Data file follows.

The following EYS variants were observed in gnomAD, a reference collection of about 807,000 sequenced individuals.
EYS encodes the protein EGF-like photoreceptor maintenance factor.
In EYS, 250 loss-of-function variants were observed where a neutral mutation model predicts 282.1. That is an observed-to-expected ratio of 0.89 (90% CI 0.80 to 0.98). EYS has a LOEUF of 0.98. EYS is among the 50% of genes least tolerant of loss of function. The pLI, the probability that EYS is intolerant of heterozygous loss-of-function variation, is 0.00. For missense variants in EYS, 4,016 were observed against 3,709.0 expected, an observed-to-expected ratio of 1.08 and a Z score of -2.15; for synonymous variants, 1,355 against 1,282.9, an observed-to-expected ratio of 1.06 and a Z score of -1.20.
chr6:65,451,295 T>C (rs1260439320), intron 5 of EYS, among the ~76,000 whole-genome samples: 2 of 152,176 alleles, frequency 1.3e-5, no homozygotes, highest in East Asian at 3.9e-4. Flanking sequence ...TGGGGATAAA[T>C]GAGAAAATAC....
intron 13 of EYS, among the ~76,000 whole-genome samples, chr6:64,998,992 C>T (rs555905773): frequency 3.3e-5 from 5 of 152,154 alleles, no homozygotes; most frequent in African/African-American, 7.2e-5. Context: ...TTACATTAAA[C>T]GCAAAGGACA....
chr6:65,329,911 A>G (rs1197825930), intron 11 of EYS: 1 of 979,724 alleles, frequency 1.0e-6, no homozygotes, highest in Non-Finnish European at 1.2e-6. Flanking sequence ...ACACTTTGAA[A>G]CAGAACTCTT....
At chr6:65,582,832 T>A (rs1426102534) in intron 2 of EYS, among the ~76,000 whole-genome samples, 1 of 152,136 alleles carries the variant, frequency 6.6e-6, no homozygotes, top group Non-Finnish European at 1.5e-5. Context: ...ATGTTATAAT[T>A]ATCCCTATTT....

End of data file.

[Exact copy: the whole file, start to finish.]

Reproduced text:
The following EYS variants were observed in gnomAD, a reference collection of about 807,000 sequenced individuals.
EYS encodes the protein EGF-like photoreceptor maintenance factor.
In EYS, 250 loss-of-function variants were observed where a neutral mutation model predicts 282.1. That is an observed-to-expected ratio of 0.89 (90% CI 0.80 to 0.98). EYS has a LOEUF of 0.98. EYS is among the 50% of genes least tolerant of loss of function. The pLI, the probability that EYS is intolerant of heterozygous loss-of-function variation, is 0.00. For missense variants in EYS, 4,016 were observed against 3,709.0 expected, an observed-to-expected ratio of 1.08 and a Z score of -2.15; for synonymous variants, 1,355 against 1,282.9, an observed-to-expected ratio of 1.06 and a Z score of -1.20.
chr6:65,451,295 T>C (rs1260439320), intron 5 of EYS, among the ~76,000 whole-genome samples: 2 of 152,176 alleles, frequency 1.3e-5, no homozygotes, highest in East Asian at 3.9e-4. Flanking sequence ...TGGGGATAAA[T>C]GAGAAAATAC....
intron 13 of EYS, among the ~76,000 whole-genome samples, chr6:64,998,992 C>T (rs555905773): frequency 3.3e-5 from 5 of 152,154 alleles, no homozygotes; most frequent in African/African-American, 7.2e-5. Context: ...TTACATTAAA[C>T]GCAAAGGACA....
chr6:65,329,911 A>G (rs1197825930), intron 11 of EYS: 1 of 979,724 alleles, frequency 1.0e-6, no homozygotes, highest in Non-Finnish European at 1.2e-6. Flanking sequence ...ACACTTTGAA[A>G]CAGAACTCTT....
At chr6:65,582,832 T>A (rs1426102534) in intron 2 of EYS, among the ~76,000 whole-genome samples, 1 of 152,136 alleles carries the variant, frequency 6.6e-6, no homozygotes, top group Non-Finnish European at 1.5e-5. Context: ...ATGTTATAAT[T>A]ATCCCTATTT....